Violinists Paul Huang and Stephen Waarts, violists Ziyu Shen and Ida Kavafian, and cellists Sang-Eun Lee and Edward Arron took the stage for the only work on the first half, Tchaikovsky’s Souvenir de Florence, Op. 70. This work, completed in 1890, has nothing “Italian” about it, but is a tribute to Florence, a city Tchaikovsky adored. The combination of younger artists with more seasoned ones was inspired. The insights and wisdom of the veterans Ms. Kavafian and Mr. Arron were clearly apparent, and played off of the youthful energy of Mr. Huang, Mr. Waarts, Ms. Shen, and Ms. Lee. The combined energies and immense technical prowess resulted in a thoroughly engaging performance. The audience members applauded with gusto after each movement, and really let loose at the end. It was an exceptional performance from six outstanding artists.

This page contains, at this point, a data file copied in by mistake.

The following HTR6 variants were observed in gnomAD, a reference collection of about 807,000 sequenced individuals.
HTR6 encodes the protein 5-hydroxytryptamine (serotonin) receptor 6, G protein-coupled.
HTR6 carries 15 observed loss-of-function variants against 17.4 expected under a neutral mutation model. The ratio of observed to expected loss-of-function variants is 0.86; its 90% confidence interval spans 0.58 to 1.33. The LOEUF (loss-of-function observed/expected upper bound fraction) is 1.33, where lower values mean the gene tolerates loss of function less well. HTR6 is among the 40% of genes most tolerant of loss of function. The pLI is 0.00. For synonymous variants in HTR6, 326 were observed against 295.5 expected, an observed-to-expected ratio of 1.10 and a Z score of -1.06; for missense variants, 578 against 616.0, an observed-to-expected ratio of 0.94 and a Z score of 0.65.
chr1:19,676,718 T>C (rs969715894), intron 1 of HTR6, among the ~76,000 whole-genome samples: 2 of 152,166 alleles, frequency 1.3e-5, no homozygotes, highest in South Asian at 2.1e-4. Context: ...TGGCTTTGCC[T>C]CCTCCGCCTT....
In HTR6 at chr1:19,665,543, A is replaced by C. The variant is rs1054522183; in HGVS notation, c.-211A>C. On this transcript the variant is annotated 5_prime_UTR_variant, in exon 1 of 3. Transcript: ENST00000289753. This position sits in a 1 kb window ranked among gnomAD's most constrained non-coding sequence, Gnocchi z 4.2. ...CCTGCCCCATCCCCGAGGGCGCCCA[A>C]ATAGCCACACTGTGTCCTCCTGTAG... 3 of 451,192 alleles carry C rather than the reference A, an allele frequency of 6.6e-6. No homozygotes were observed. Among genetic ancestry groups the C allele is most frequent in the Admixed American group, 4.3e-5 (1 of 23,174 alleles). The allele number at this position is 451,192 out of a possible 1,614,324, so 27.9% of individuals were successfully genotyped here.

Violinists Paul Huang and Stephen Waarts, cellists Edward Arron and Sang-Eun Lee, violists Ida Kavafian and Ziyu Shen -Photo Credit: Sua Kim

 

After intermission, soprano Sumi Hwang took the stage with cellist Edward Arron and pianist Dasol Kim for the New York premiere of “Told Tales Sweet as Untold”: Three Poems of Fernando Pessoa for soprano, cello, and piano, by Christopher Berg (b. 1949). Commissioned by the PyeongChang Music Festival, the interesting combination of voice with cello and piano was suggested by arts manager John Gingrich, who had suggested the need for more chamber music for voice with more than just piano accompaniment.

The three Pessoa poems Mr. Berg used were “The Poem,” “The Children’s Poet,” and “Elsewhere.” The “Poem” suggests the creative process of the poet, while “The Children’s Poet” does the same from the perspective of a child. “Elsewhere” is suggestive of a place of paradise. Whether or not that is Heaven is for the reader to decide. In Mr. Berg’s conception, only the cello and soprano are used. Quoting the composer, “The desire to go Elsewhere is one of man’s basic needs – and ultimately, both his hope and tragedy. As the representative of this world of ours, the piano (an instrument that does not ‘sing’) is not to be found in that other world.”